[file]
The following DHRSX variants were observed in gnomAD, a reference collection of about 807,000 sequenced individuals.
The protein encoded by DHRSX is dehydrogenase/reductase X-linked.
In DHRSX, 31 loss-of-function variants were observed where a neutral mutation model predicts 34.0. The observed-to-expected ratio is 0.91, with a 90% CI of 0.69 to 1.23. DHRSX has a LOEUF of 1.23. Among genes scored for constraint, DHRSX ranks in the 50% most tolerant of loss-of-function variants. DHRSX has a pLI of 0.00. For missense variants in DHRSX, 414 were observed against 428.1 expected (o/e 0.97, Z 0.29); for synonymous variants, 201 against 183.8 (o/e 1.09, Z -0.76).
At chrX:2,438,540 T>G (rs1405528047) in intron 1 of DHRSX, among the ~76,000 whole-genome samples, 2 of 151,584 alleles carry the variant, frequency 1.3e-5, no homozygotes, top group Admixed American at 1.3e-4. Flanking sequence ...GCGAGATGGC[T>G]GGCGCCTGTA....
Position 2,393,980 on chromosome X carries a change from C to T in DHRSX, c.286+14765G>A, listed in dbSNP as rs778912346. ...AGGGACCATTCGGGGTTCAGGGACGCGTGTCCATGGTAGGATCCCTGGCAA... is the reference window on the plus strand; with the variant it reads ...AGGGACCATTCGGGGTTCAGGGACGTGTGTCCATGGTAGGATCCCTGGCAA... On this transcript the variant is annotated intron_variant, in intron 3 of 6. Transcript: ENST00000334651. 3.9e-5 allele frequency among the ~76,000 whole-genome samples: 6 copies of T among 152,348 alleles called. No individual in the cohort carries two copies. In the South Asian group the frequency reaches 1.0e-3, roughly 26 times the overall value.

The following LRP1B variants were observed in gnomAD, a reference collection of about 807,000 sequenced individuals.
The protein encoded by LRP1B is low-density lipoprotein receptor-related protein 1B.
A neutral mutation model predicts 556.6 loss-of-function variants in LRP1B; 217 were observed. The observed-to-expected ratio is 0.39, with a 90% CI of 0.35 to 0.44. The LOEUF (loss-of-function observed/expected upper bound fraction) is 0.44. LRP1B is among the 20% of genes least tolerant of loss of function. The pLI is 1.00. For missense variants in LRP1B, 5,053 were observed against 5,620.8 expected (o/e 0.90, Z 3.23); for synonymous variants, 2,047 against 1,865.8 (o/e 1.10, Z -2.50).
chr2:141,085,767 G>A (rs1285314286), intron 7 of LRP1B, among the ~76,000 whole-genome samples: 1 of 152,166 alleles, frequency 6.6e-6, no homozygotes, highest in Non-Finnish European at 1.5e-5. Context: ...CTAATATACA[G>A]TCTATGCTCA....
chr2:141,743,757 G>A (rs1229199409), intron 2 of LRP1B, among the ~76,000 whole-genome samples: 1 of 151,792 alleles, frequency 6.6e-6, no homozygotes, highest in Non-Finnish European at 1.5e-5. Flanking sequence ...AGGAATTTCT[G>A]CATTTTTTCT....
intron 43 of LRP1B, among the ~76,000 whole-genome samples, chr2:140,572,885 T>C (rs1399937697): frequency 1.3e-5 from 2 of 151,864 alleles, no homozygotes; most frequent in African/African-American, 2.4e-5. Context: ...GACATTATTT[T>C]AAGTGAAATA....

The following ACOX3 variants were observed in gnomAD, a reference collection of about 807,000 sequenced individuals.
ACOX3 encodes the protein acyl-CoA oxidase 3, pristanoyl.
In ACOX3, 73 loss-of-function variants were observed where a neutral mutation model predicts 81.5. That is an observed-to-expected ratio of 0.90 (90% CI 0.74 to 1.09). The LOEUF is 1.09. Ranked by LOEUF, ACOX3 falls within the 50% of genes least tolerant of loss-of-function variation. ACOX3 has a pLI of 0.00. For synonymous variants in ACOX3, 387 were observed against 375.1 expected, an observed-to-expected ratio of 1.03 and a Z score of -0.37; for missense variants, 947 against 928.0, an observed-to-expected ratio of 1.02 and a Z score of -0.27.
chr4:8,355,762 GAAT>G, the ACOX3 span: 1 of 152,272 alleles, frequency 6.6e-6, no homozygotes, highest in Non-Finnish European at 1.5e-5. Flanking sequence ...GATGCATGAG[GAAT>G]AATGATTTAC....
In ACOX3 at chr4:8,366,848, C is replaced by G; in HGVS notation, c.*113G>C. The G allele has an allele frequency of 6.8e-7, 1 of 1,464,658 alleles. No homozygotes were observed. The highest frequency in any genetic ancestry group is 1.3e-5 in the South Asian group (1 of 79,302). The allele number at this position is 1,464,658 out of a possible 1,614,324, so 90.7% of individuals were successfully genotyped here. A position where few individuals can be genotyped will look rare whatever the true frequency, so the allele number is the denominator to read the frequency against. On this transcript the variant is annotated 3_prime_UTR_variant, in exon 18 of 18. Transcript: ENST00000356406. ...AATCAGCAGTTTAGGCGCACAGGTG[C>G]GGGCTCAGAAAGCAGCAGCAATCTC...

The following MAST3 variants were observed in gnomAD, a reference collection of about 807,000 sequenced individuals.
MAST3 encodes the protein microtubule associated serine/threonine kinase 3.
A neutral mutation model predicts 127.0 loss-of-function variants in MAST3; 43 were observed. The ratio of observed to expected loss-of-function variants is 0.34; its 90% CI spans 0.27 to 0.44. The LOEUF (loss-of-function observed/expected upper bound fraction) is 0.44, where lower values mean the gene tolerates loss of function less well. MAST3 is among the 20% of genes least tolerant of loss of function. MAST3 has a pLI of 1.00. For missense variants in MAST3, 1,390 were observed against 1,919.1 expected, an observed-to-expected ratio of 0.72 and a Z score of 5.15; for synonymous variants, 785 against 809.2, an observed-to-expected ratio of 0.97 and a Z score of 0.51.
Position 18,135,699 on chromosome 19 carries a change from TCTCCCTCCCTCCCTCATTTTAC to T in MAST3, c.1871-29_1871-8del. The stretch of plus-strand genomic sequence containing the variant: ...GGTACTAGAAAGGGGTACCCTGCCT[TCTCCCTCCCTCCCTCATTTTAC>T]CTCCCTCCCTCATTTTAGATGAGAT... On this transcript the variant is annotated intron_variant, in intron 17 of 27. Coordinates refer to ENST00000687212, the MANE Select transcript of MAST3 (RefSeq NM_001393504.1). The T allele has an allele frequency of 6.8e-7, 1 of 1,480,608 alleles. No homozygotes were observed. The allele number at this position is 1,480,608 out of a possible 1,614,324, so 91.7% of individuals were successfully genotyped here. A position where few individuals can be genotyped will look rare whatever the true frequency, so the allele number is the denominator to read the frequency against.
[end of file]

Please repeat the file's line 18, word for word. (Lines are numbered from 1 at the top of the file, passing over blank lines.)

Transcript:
MAST3 encodes the protein microtubule associated serine/threonine kinase 3.